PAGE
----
5. Huffpost
  6. Quillette
  7. Everyday Feminism
  8. Daily Kos

These ranged from 1.6 stars to 2.2 stars, which is particularly low given that the lowest in the magazine survey range from 2.1 to 2.5 stars (they’ve dropped half a star since we published that post… more about this in the next update).

Daily Kos received a scathing 1.62 stars from 79 respondents. This can be interpreted in two ways: both in terms of the low quality of work produced by DailyKos, as well as, socialists not taking kindly to the positions Daily Kos took on the 2016 primaries.

Anarchist Anomalies

In the first blog post, we discussed the Marxism divide among socialists and the variance in ratings that appeared to be producing. Here, we noticed some interesting patterns with people who self-identified as anarchists.

Overall, anarchists rated a publications much lower than everybody else. There were only two publications where anarchists rated them higher than others, and those were the two anarchist publications: It’s Going Down and CrimethInc. The noteworthy differences:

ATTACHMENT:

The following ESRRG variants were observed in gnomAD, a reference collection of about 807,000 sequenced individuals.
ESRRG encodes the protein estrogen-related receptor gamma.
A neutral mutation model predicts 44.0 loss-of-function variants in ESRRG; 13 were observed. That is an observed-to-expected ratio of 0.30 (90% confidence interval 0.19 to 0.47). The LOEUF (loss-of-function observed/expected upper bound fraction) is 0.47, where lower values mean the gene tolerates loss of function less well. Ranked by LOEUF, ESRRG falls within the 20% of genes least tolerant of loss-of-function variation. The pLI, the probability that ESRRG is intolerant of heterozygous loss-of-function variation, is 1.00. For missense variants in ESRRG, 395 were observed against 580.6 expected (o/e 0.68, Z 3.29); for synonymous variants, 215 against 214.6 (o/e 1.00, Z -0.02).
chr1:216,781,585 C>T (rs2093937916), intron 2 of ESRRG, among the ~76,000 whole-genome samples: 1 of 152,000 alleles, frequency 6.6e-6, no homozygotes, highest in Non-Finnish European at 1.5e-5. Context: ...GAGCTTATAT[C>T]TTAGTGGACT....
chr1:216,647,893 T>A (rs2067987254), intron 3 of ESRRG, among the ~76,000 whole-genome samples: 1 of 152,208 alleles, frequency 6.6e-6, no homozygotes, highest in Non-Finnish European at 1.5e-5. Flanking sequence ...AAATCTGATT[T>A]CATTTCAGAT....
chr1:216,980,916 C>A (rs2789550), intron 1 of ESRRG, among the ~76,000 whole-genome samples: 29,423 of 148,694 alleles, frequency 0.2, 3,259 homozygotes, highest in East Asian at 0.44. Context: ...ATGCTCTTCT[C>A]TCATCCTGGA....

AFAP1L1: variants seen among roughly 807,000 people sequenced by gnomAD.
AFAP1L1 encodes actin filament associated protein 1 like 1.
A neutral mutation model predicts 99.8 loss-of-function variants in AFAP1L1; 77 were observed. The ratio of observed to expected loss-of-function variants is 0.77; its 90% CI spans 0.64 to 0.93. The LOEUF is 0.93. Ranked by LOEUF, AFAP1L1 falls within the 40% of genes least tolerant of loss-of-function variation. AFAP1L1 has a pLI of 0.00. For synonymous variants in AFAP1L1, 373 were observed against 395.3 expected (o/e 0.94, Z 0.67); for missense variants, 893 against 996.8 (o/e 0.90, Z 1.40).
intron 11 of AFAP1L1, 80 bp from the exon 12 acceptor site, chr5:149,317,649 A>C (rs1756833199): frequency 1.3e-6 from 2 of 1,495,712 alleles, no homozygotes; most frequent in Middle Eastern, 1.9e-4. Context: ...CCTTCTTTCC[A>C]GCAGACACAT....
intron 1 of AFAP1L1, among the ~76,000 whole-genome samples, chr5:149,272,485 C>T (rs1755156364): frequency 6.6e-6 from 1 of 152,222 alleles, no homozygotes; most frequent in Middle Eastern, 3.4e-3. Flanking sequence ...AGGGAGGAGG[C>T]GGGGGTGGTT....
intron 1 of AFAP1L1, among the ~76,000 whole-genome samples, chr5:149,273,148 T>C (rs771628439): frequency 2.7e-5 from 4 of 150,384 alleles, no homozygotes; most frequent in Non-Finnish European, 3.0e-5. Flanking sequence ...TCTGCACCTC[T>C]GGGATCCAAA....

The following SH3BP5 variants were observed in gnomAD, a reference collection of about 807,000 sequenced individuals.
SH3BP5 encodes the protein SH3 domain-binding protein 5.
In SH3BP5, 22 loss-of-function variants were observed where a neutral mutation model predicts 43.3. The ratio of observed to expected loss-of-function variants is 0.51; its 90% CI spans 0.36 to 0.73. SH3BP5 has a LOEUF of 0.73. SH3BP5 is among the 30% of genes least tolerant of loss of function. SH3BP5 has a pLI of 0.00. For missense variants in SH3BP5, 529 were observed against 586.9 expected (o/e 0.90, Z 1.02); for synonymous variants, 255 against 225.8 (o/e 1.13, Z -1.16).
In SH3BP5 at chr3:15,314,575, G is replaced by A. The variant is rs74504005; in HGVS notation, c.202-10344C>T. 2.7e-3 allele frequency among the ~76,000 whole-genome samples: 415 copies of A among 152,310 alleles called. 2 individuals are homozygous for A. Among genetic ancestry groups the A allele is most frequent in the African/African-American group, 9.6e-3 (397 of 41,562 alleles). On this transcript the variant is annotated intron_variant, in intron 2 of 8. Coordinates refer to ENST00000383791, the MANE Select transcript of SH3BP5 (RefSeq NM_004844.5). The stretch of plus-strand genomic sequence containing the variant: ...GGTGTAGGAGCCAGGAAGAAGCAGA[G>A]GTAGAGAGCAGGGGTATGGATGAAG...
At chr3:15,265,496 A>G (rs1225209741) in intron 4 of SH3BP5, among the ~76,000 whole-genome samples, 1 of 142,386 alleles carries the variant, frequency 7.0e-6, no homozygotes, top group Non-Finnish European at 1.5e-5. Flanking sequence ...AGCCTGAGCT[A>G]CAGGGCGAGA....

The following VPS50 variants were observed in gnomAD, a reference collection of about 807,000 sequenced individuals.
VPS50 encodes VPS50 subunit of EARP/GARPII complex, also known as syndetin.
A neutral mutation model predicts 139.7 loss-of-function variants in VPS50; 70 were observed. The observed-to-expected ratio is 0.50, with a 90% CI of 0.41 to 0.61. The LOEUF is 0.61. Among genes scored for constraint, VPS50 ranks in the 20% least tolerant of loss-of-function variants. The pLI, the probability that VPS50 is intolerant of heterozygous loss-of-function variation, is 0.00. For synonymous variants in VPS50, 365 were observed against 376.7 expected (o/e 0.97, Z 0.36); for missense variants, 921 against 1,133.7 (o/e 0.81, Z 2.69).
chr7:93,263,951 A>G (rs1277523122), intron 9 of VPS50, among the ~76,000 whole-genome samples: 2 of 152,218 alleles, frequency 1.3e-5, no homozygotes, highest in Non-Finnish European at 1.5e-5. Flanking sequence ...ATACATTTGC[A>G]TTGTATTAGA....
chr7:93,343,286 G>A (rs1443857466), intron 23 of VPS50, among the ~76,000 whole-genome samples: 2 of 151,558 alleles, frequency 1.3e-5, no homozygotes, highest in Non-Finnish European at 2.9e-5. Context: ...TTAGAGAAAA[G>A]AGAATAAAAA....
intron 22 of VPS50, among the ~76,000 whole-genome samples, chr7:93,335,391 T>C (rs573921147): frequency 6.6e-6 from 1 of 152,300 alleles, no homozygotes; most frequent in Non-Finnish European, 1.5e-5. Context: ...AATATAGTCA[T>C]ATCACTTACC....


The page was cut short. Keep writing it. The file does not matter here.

Publication

Anarchist Rating

Non-Anarchist Rating

It’s Going Down

4.08

3.49

CrimethInc

3.48

2.94

Fairness & Accuracy in Reporting

3.75

4.11

People’s Policy Project

3.73

4.19

Atlas Obscura

3.33

3.94

Aeon

3.33

3.81

Real News Network

3.24

3.59

Economic Policy Institute

3.08

3.76

Outline

2.92

3.43

Truthdig

2.62

3.12

Institute for New Economic Thinking

2.73

3.46

Ideologies and their Identity Politics

Anarchists in this survey really made a statement in this survey with 89% identifying as anti-racist.

This surprised us so much that we went back to our first survey to see what happened there (especially with all the new responses we received). It turns out that anarchists (and progressives!) have been a bit more likely to identify as anti-racist:

Ideological affiliation

% also picked anti-racism

Anarchism

76%

Progressivism

76%

Communism

70%

Marxism

67%

Liberalism

65%

Socialism

65%